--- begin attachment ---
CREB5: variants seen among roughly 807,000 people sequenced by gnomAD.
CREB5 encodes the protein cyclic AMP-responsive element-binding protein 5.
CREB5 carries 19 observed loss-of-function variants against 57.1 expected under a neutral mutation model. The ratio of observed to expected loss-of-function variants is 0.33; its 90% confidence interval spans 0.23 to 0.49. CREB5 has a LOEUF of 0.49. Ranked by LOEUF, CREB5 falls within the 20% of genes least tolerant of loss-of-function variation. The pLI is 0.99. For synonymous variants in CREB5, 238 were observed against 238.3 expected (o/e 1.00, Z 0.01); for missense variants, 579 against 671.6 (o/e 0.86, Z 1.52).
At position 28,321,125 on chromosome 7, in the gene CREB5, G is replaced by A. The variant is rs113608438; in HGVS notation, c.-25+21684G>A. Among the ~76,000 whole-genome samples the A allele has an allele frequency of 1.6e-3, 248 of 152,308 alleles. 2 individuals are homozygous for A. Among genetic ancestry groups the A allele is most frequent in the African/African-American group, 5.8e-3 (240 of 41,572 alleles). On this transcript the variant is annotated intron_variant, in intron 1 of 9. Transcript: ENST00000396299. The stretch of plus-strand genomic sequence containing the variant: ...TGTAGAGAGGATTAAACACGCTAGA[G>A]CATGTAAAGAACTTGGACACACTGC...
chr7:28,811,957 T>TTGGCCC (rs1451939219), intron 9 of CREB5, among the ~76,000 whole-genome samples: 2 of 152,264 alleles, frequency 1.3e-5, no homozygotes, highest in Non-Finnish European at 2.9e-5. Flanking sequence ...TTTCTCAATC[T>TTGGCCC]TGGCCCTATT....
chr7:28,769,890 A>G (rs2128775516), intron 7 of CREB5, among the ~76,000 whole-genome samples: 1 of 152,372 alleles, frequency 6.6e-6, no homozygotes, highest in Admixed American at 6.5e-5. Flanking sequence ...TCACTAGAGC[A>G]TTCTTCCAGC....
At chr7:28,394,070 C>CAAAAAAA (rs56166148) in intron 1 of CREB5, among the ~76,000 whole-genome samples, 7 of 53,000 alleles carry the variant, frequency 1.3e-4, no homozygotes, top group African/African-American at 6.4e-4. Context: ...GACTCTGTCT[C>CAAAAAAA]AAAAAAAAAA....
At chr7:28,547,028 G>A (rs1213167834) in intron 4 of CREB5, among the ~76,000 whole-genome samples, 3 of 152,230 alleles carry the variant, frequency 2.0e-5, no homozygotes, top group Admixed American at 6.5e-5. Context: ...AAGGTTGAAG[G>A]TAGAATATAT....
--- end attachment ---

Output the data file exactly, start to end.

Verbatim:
CREB5: variants seen among roughly 807,000 people sequenced by gnomAD.
CREB5 encodes the protein cyclic AMP-responsive element-binding protein 5.
CREB5 carries 19 observed loss-of-function variants against 57.1 expected under a neutral mutation model. The ratio of observed to expected loss-of-function variants is 0.33; its 90% confidence interval spans 0.23 to 0.49. CREB5 has a LOEUF of 0.49. Ranked by LOEUF, CREB5 falls within the 20% of genes least tolerant of loss-of-function variation. The pLI is 0.99. For synonymous variants in CREB5, 238 were observed against 238.3 expected (o/e 1.00, Z 0.01); for missense variants, 579 against 671.6 (o/e 0.86, Z 1.52).
At position 28,321,125 on chromosome 7, in the gene CREB5, G is replaced by A. The variant is rs113608438; in HGVS notation, c.-25+21684G>A. Among the ~76,000 whole-genome samples the A allele has an allele frequency of 1.6e-3, 248 of 152,308 alleles. 2 individuals are homozygous for A. Among genetic ancestry groups the A allele is most frequent in the African/African-American group, 5.8e-3 (240 of 41,572 alleles). On this transcript the variant is annotated intron_variant, in intron 1 of 9. Transcript: ENST00000396299. The stretch of plus-strand genomic sequence containing the variant: ...TGTAGAGAGGATTAAACACGCTAGA[G>A]CATGTAAAGAACTTGGACACACTGC...
chr7:28,811,957 T>TTGGCCC (rs1451939219), intron 9 of CREB5, among the ~76,000 whole-genome samples: 2 of 152,264 alleles, frequency 1.3e-5, no homozygotes, highest in Non-Finnish European at 2.9e-5. Flanking sequence ...TTTCTCAATC[T>TTGGCCC]TGGCCCTATT....
chr7:28,769,890 A>G (rs2128775516), intron 7 of CREB5, among the ~76,000 whole-genome samples: 1 of 152,372 alleles, frequency 6.6e-6, no homozygotes, highest in Admixed American at 6.5e-5. Flanking sequence ...TCACTAGAGC[A>G]TTCTTCCAGC....
At chr7:28,394,070 C>CAAAAAAA (rs56166148) in intron 1 of CREB5, among the ~76,000 whole-genome samples, 7 of 53,000 alleles carry the variant, frequency 1.3e-4, no homozygotes, top group African/African-American at 6.4e-4. Context: ...GACTCTGTCT[C>CAAAAAAA]AAAAAAAAAA....
At chr7:28,547,028 G>A (rs1213167834) in intron 4 of CREB5, among the ~76,000 whole-genome samples, 3 of 152,230 alleles carry the variant, frequency 2.0e-5, no homozygotes, top group Admixed American at 6.5e-5. Context: ...AAGGTTGAAG[G>A]TAGAATATAT....